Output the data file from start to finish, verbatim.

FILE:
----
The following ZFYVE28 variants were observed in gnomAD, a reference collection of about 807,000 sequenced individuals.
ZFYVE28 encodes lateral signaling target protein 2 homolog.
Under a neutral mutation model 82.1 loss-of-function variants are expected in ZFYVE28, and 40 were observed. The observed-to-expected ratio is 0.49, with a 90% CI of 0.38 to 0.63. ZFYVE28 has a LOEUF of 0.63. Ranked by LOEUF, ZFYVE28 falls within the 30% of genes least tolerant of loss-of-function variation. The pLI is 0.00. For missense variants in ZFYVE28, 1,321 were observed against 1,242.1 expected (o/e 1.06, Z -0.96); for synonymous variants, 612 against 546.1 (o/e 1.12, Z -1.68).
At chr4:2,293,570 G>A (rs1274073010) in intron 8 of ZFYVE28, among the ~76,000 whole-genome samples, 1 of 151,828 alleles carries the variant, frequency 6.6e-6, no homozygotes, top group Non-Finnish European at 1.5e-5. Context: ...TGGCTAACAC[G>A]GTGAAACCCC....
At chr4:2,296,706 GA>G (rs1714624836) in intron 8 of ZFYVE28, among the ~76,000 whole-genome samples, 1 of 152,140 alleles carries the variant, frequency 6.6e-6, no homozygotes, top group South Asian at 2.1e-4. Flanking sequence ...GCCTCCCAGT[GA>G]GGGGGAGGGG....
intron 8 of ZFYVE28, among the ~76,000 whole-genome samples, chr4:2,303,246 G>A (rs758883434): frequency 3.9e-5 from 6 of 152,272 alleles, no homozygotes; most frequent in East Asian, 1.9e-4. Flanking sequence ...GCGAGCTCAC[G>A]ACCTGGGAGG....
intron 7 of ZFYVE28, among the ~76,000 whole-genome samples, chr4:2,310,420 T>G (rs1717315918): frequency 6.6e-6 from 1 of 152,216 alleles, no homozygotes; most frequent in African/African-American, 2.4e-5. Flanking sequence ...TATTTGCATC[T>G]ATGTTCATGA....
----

The following ZFYVE28 variants were observed in gnomAD, a reference collection of about 807,000 sequenced individuals.
ZFYVE28 encodes lateral signaling target protein 2 homolog.
Under a neutral mutation model 82.1 loss-of-function variants are expected in ZFYVE28, and 40 were observed. The observed-to-expected ratio is 0.49, with a 90% CI of 0.38 to 0.63. ZFYVE28 has a LOEUF of 0.63. Ranked by LOEUF, ZFYVE28 falls within the 30% of genes least tolerant of loss-of-function variation. The pLI is 0.00. For missense variants in ZFYVE28, 1,321 were observed against 1,242.1 expected (o/e 1.06, Z -0.96); for synonymous variants, 612 against 546.1 (o/e 1.12, Z -1.68).
At chr4:2,293,570 G>A (rs1274073010) in intron 8 of ZFYVE28, among the ~76,000 whole-genome samples, 1 of 151,828 alleles carries the variant, frequency 6.6e-6, no homozygotes, top group Non-Finnish European at 1.5e-5. Context: ...TGGCTAACAC[G>A]GTGAAACCCC....
At chr4:2,296,706 GA>G (rs1714624836) in intron 8 of ZFYVE28, among the ~76,000 whole-genome samples, 1 of 152,140 alleles carries the variant, frequency 6.6e-6, no homozygotes, top group South Asian at 2.1e-4. Flanking sequence ...GCCTCCCAGT[GA>G]GGGGGAGGGG....
intron 8 of ZFYVE28, among the ~76,000 whole-genome samples, chr4:2,303,246 G>A (rs758883434): frequency 3.9e-5 from 6 of 152,272 alleles, no homozygotes; most frequent in East Asian, 1.9e-4. Flanking sequence ...GCGAGCTCAC[G>A]ACCTGGGAGG....
intron 7 of ZFYVE28, among the ~76,000 whole-genome samples, chr4:2,310,420 T>G (rs1717315918): frequency 6.6e-6 from 1 of 152,216 alleles, no homozygotes; most frequent in African/African-American, 2.4e-5. Flanking sequence ...TATTTGCATC[T>G]ATGTTCATGA....